If you've ever filled a salt shaker before, you likely know how exceptionally tough it can be to keep the salt granules from clumping and clogging the holes at the very top, making it exceedingly difficult to dispense the salt. As the salt granules absorb ambient moisture from the surrounding air, they stick together and partially dissolve, forming stubborn chunks.
Storing your salt in an airtight container effectively helps to prevent it from adhering, as the air can't reach the granules quite as easily; but if you're resolutely determined to keep your salt in a shaker, there are numerous ways to fight the inevitable clumping.One simple, easy, and cheap anti-clumping hack you might have already seen at local diners involves a little bit of rice. Dry rice — whatever kind you might already have resting in your pantry — sprinkled into the salt shaker will absorb that extra ambient moisture, ensuring the salt remains as dry as can be.
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Rice: The Ultimate Moisture Absorber
Both rice and salt are hygroscopic — this means that they will target, attract, and absorb molecules of water, even through the vapor in the air. Salt, however, is also what's called deliquescent, which means that as the water seeps into it, it dissolves partially, which is what contributes to the clumping. Rice, on the other hand, does not dissolve at all as the water absorbs into it.
Rice will absorb ambient moisture at a faster rate than salt does, meaning that if you combine the two substances together, the rice will take in the water molecules and prevent the salt from clumping. All you need to do is mix a small amount of uncooked rice — just a pinch — into a salt shaker. Don't add too much or the rice might actually start to clog up your shaker. Long-grain rice works best here, as the size of the grains prevents it from escaping through the holes in the lid, but most rice varieties will be large enough to stay inside the shaker.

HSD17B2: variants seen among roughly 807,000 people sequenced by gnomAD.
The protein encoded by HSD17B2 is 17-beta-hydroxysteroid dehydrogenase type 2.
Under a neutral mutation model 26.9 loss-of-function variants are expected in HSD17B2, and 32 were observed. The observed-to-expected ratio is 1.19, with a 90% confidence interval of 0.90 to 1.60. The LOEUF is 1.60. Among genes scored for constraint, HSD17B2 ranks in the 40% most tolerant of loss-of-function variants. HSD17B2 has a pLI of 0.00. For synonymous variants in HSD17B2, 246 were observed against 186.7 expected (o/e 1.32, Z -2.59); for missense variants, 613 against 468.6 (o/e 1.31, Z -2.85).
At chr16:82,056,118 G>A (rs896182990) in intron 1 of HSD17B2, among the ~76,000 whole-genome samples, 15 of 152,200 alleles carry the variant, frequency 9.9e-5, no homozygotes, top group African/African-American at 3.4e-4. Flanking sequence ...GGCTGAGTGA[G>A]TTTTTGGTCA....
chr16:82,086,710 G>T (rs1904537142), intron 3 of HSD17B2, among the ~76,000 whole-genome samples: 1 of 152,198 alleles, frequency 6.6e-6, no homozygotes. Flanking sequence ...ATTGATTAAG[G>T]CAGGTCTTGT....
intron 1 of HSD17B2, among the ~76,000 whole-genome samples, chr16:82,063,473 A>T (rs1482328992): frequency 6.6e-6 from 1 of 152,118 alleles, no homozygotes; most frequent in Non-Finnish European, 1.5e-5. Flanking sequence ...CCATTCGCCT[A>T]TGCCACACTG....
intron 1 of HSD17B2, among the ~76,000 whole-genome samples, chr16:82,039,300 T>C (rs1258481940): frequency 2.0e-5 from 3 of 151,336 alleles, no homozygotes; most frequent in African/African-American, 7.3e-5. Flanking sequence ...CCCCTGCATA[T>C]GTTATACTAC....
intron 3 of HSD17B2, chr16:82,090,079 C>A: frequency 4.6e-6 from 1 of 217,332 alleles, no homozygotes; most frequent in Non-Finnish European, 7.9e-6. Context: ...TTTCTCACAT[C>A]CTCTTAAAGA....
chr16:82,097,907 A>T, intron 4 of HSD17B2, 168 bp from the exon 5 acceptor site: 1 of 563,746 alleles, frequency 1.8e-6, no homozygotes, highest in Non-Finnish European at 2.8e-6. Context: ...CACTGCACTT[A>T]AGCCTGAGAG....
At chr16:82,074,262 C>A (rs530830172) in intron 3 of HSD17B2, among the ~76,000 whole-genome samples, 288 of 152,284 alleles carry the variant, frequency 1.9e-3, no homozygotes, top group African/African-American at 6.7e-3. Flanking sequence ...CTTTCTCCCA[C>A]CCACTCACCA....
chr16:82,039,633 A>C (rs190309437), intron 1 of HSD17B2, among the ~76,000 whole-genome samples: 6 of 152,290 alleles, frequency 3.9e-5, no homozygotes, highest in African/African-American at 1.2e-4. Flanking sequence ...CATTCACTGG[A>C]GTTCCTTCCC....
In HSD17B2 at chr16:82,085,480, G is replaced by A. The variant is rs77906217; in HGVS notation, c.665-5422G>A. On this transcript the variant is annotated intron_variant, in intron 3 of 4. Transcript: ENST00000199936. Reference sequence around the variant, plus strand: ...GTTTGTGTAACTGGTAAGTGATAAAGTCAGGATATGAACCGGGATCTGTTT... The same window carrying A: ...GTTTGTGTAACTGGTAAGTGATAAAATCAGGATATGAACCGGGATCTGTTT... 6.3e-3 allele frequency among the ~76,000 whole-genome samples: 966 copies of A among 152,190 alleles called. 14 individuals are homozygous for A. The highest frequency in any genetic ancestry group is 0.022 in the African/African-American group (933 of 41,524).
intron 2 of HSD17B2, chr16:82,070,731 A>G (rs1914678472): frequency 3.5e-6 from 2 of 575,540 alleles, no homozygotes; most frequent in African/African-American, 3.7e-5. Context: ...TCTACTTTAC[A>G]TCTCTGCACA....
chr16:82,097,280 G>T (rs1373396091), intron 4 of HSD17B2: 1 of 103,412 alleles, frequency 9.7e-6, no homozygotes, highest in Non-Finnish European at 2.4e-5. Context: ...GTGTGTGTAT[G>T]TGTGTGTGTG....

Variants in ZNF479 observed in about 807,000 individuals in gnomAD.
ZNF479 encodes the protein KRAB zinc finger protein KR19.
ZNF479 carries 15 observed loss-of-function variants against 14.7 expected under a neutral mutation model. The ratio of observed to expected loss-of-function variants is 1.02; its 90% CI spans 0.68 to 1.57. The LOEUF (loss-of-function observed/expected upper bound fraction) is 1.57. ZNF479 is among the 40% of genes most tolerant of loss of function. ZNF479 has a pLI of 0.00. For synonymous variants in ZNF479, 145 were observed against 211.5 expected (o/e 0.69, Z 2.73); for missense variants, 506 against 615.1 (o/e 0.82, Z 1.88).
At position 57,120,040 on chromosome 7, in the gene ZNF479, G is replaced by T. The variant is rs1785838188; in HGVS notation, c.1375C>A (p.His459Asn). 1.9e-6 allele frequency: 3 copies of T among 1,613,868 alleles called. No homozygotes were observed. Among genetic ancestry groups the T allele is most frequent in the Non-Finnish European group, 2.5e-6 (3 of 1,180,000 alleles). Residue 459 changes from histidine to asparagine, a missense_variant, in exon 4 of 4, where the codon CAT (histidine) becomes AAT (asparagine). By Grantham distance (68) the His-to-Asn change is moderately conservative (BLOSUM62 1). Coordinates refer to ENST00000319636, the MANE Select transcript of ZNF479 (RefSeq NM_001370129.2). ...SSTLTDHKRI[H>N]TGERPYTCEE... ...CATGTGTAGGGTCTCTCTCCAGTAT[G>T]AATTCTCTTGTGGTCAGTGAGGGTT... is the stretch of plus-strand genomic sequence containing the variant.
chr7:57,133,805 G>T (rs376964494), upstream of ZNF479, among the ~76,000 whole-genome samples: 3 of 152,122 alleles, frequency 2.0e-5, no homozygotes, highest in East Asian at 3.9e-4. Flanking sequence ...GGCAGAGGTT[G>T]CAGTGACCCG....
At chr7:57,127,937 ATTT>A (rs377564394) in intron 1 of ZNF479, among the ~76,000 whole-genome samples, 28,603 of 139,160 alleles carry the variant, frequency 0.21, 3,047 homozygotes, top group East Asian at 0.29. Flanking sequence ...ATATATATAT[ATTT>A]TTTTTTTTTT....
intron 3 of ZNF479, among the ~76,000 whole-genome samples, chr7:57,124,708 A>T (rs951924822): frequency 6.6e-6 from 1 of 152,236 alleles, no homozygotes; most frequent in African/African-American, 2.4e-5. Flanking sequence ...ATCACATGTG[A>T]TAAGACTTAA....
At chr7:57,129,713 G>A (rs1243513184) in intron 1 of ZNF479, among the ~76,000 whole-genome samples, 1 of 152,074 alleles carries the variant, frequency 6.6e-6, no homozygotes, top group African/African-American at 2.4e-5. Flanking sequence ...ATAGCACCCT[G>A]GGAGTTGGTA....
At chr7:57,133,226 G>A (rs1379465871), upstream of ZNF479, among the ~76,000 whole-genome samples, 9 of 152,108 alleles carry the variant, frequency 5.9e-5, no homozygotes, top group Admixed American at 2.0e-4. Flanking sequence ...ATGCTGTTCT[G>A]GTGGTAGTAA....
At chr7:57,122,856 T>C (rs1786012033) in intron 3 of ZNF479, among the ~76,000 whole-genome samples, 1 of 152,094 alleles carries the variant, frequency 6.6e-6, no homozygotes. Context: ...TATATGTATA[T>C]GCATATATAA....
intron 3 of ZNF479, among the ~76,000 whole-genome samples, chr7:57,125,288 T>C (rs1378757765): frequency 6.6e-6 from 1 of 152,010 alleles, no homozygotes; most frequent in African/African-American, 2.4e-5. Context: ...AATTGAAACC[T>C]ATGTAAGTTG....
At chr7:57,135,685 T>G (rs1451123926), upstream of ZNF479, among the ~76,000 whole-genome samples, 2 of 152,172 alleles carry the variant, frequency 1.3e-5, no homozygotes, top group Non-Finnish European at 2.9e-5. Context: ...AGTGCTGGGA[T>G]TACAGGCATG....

Other Tips To Keep Salt From Clumping
If you don't have rice on hand, there are a few other tricks you can use to keep your salt from clumping. Several highly absorbent, shelf-stable foodstuffs will work fairly well in wicking away the moisture; dried beans, for example, or even dried coffee beans can have the same effect if a small amount is mixed into the shaker with the salt. Just note that the coffee beans may infuse a slight coffee aroma into your salt.
If you don't mind a more dramatic change in flavor profile, you can also sprinkle in some dried herbs; namely, parsley or cloves. Dried parsley and cloves will also absorb moisture, keeping the salt itself dry, but these herbs will impart some flavor into the salt granules as well, seasoning them. A little parsley or clove-infused salt can add a nice pop of flavor to whatever food you're adding that sprinkle of sodium to.
Read the original article on Daily Meal.